Interview: UN Climate Chief Says
Talks are Steadily Making Progress
Few jobs on the international stage are more daunting than that held by Christiana Figueres, the woman
in charge of United Nations talks aimed at lowering carbon emissions. Figueres is executive secretary of the United Nations Framework Convention on Climate Change, which has been widely criticized for failing to secure a treaty imposing binding limits on carbon emissions. With new climate talks beginning next week in Doha, Qatar, Figueres says in an interview with Yale Environment 360
that contrary to public perception, negotiations have actually been moving forward in a “slow but steady” manner. In the interview, she discusses the need for the U.S to finally sign on to a global climate treaty, the inevitability of world economies making the transition to a low-carbon future, and the need for politicians to feel the same urgency as scientists about the threats posed by global warming. “There’s a huge gap between the two,” says Figueres, “and it is our very challenging task to encourage the closing of that gap.” Read the interview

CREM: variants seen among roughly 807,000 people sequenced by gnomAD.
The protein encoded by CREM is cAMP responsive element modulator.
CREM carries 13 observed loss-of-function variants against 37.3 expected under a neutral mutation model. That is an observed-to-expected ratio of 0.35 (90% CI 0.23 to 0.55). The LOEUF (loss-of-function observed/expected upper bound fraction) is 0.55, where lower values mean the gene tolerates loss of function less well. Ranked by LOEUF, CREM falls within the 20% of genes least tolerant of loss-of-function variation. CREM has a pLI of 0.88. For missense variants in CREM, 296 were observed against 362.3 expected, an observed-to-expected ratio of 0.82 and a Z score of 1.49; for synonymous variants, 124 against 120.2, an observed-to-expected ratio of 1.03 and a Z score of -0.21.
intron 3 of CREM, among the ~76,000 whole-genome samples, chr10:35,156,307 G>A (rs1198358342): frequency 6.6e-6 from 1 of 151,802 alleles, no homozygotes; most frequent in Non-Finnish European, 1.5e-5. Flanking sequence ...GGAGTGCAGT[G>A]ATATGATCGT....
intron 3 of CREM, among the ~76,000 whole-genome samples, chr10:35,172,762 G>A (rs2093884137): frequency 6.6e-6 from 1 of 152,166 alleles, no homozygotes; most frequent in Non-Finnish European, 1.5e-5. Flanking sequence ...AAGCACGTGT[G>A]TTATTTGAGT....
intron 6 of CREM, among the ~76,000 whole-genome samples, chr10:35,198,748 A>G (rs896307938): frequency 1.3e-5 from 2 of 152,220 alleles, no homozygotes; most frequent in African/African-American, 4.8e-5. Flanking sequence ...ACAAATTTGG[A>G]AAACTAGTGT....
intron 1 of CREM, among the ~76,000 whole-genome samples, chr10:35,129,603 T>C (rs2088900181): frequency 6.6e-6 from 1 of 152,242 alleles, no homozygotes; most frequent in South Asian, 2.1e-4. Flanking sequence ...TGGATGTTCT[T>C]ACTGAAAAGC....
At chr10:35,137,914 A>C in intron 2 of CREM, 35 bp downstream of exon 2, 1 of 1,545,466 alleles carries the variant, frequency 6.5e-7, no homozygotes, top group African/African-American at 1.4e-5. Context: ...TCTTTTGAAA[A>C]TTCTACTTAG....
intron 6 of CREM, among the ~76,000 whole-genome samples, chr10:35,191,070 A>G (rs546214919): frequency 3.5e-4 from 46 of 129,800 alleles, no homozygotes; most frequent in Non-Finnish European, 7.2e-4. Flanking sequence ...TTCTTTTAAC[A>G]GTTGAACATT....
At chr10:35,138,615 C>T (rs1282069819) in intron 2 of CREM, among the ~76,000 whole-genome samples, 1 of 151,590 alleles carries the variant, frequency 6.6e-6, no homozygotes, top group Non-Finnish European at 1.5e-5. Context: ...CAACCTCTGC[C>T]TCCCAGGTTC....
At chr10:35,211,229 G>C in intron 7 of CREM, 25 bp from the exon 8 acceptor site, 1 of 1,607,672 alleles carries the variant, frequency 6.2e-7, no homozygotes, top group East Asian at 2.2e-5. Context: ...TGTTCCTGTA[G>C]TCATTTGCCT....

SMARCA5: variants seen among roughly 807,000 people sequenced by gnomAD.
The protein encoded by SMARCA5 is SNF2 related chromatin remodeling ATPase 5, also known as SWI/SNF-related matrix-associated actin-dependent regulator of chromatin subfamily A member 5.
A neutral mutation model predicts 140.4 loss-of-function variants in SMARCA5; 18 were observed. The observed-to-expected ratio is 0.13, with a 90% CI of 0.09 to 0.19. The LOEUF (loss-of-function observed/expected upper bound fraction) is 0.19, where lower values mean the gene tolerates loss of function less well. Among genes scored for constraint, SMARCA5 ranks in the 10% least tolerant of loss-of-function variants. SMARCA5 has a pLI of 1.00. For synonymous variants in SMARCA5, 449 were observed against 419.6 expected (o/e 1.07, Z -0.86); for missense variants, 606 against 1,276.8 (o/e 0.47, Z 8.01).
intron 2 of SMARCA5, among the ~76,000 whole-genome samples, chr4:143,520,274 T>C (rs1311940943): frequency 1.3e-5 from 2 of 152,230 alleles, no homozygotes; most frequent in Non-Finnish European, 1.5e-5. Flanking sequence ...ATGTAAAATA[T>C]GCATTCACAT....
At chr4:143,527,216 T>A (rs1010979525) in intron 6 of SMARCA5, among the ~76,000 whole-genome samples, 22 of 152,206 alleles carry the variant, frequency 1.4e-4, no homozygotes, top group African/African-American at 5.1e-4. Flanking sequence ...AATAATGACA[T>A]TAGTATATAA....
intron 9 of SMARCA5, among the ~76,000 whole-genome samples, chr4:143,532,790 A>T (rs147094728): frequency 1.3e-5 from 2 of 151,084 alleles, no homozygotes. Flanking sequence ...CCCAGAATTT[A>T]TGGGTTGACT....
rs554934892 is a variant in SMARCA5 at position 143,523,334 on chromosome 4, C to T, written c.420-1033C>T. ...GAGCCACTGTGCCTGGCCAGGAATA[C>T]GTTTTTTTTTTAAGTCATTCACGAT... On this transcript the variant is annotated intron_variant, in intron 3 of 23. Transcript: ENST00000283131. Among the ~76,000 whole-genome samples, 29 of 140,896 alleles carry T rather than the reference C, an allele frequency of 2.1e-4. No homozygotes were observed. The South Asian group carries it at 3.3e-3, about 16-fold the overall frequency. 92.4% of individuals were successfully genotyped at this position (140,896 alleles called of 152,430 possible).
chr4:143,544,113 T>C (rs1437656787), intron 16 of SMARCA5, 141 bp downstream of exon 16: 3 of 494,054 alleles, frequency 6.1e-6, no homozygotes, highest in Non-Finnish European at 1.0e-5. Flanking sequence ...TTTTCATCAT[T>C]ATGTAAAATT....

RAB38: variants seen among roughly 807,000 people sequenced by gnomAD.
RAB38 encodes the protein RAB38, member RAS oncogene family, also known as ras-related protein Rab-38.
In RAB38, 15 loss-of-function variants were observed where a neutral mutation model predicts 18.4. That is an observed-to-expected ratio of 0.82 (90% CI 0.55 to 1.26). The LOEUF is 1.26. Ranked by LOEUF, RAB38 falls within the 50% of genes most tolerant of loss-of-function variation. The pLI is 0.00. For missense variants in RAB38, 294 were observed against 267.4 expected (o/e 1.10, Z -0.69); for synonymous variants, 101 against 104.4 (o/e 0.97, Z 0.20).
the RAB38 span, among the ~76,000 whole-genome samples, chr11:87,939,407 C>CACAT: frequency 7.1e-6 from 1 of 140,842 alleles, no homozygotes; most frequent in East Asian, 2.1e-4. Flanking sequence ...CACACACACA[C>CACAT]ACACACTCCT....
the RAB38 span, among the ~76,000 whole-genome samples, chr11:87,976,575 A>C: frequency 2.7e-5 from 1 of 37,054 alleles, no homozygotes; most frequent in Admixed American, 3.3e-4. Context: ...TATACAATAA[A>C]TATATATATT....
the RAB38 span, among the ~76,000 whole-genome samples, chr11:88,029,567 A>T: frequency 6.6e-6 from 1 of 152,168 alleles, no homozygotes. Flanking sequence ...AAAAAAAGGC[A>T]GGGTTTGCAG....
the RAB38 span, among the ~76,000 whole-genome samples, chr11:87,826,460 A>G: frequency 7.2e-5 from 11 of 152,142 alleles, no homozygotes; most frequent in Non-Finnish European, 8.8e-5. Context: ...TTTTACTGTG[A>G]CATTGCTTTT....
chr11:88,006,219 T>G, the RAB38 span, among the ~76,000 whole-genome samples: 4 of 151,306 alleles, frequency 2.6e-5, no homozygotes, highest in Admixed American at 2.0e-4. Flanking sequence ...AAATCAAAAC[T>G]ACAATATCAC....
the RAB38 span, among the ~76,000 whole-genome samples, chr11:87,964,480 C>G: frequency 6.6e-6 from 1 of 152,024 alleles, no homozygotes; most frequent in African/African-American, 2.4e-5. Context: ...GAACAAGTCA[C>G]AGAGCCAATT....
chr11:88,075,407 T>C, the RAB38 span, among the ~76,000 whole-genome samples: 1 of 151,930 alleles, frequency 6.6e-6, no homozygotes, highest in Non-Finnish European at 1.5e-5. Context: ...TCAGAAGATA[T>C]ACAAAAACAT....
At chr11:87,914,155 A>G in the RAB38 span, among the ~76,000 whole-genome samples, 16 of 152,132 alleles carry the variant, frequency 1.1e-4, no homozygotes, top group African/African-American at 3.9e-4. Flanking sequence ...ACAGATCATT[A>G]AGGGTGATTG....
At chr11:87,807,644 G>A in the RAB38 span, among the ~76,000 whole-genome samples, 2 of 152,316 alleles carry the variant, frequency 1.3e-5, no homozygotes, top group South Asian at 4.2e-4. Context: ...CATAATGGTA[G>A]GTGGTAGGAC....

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Antarctica and the Arctic
Central & South America
Photographer Robert Wintner documents the exquisite beauty and biodiversity of Cuba’s coral reefs, which are largely intact thanks to stifled coastal development in the communist nation. View the gallery.
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The Warriors of Qiugang
, a Yale Environment 360
video, chronicles a Chinese village’s fight against a polluting chemical plant. It was nominated for a 2011 Academy Award for Best Documentary Short.
Watch the video.
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A three-part series Tainted Harvest
looks at the soil pollution crisis in China, the threat it poses to the food supply, and the complexity of any cleanup. Read the series.